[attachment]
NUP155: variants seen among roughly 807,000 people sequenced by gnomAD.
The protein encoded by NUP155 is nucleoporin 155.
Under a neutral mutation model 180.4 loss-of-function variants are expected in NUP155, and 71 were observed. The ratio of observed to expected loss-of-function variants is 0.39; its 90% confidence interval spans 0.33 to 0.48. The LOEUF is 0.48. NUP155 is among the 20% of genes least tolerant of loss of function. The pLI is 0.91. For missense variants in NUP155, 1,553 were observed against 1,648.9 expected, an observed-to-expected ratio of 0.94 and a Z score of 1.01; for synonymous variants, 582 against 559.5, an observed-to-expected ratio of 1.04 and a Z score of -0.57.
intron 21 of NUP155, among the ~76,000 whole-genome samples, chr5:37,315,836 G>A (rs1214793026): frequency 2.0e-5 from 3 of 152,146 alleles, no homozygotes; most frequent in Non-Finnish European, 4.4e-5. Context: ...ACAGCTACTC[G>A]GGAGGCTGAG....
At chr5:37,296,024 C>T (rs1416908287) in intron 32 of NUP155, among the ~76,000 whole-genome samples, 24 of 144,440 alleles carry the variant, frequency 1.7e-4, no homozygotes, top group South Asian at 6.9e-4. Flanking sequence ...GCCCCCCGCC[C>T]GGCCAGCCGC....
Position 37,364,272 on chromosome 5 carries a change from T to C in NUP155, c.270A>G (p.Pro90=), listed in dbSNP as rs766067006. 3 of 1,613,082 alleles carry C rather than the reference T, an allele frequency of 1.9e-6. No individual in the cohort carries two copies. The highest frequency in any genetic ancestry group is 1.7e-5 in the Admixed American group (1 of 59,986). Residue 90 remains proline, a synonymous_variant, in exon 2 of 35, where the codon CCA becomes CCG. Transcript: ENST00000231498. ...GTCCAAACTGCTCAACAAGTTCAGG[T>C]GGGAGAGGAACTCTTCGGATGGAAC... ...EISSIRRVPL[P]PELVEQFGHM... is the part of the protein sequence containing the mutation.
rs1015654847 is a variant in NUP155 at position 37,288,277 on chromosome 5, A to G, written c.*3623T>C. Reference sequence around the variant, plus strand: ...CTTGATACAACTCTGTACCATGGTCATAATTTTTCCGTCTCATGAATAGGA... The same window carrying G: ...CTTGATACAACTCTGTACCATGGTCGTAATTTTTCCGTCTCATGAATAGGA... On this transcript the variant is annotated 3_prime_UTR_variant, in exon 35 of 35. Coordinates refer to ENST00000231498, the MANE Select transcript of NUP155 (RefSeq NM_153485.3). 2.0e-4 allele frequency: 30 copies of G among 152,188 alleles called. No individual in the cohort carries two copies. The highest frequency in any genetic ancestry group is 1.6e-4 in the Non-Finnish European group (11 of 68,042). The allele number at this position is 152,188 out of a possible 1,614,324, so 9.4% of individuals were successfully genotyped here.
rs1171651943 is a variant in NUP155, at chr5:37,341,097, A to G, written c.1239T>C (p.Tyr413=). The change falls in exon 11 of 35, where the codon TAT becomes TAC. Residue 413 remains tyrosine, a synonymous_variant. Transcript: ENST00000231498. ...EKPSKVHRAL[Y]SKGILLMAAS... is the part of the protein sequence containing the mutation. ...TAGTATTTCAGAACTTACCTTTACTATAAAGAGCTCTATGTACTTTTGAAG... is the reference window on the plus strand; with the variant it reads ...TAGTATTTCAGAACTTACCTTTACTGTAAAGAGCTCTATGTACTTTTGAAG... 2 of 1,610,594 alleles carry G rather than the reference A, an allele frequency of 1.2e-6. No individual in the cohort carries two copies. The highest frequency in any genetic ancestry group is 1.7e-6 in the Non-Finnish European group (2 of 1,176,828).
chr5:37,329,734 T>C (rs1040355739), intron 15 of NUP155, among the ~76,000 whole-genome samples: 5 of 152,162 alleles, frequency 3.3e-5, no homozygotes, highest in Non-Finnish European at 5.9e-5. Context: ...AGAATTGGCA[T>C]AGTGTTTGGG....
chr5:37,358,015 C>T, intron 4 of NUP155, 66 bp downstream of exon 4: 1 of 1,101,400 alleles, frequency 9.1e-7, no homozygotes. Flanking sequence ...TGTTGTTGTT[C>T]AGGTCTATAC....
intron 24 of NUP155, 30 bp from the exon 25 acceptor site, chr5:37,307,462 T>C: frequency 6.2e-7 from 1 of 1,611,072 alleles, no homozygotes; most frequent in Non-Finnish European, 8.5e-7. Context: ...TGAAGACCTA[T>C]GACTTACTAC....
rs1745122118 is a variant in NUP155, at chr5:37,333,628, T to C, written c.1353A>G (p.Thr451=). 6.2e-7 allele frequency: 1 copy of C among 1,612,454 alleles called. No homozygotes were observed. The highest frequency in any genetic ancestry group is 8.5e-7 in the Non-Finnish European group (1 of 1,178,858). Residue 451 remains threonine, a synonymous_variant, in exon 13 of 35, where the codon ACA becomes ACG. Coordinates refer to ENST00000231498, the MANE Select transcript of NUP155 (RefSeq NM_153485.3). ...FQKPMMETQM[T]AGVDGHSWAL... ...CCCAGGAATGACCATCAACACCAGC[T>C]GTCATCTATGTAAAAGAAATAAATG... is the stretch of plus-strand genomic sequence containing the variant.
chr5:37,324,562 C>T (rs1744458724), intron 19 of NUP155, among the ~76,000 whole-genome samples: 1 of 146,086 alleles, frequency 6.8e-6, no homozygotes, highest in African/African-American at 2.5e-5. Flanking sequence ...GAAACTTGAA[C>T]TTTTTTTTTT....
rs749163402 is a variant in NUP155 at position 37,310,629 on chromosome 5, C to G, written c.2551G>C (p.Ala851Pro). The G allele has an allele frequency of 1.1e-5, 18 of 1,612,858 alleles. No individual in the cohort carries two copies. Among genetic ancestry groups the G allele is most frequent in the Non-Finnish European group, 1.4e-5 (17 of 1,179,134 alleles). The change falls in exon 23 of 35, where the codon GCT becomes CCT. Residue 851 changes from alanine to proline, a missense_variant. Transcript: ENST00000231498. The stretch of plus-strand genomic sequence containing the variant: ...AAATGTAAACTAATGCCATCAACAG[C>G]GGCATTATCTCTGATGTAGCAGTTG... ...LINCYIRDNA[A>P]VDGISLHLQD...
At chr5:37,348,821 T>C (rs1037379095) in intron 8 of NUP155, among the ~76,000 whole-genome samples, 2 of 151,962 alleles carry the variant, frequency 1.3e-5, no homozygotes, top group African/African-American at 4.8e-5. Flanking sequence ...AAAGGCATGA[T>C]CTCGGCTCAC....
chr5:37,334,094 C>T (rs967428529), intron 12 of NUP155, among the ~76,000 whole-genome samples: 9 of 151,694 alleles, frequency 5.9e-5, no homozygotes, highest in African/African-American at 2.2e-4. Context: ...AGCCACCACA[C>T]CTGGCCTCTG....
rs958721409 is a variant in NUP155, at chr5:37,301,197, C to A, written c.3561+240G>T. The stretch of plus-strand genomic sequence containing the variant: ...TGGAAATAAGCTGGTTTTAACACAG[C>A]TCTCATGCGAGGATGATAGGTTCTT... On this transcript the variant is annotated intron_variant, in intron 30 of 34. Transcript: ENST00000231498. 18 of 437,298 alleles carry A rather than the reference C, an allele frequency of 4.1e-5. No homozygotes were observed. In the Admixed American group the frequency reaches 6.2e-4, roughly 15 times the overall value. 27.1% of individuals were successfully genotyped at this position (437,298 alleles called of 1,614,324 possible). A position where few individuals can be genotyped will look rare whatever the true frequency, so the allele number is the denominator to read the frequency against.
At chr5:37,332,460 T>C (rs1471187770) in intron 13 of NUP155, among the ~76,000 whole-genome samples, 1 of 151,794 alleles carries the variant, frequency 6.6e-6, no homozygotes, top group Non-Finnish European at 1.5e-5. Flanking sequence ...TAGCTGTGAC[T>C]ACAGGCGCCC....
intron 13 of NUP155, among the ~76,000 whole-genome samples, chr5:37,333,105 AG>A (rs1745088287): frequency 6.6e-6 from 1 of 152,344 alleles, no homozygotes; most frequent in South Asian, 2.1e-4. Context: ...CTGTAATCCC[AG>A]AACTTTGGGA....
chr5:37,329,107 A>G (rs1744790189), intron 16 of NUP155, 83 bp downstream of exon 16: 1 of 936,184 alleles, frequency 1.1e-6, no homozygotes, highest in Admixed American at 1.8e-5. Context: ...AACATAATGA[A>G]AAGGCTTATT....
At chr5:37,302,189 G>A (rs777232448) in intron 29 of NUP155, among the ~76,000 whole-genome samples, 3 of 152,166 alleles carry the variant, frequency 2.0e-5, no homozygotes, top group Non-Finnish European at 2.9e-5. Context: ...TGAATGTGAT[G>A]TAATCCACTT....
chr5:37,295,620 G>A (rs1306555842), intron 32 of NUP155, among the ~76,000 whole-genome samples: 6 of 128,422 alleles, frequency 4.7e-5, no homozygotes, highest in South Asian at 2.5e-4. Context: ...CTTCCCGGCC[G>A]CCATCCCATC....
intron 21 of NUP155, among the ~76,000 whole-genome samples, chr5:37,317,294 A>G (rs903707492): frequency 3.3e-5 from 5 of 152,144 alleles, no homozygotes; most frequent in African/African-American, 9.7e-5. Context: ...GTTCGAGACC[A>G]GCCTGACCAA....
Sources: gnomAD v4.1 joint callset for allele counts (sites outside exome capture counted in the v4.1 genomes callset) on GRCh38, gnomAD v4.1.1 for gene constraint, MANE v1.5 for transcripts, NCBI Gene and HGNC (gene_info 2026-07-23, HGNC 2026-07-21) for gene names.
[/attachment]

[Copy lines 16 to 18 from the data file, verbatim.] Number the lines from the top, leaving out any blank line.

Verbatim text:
chr5:37,334,094 C>T (rs967428529), intron 12 of NUP155, among the ~76,000 whole-genome samples: 9 of 151,694 alleles, frequency 5.9e-5, no homozygotes, highest in African/African-American at 2.2e-4. Context: ...AGCCACCACA[C>T]CTGGCCTCTG....
rs958721409 is a variant in NUP155, at chr5:37,301,197, C to A, written c.3561+240G>T. The stretch of plus-strand genomic sequence containing the variant: ...TGGAAATAAGCTGGTTTTAACACAG[C>A]TCTCATGCGAGGATGATAGGTTCTT... On this transcript the variant is annotated intron_variant, in intron 30 of 34. Transcript: ENST00000231498. 18 of 437,298 alleles carry A rather than the reference C, an allele frequency of 4.1e-5. No homozygotes were observed. In the Admixed American group the frequency reaches 6.2e-4, roughly 15 times the overall value. 27.1% of individuals were successfully genotyped at this position (437,298 alleles called of 1,614,324 possible). A position where few individuals can be genotyped will look rare whatever the true frequency, so the allele number is the denominator to read the frequency against.
At chr5:37,332,460 T>C (rs1471187770) in intron 13 of NUP155, among the ~76,000 whole-genome samples, 1 of 151,794 alleles carries the variant, frequency 6.6e-6, no homozygotes, top group Non-Finnish European at 1.5e-5. Flanking sequence ...TAGCTGTGAC[T>C]ACAGGCGCCC....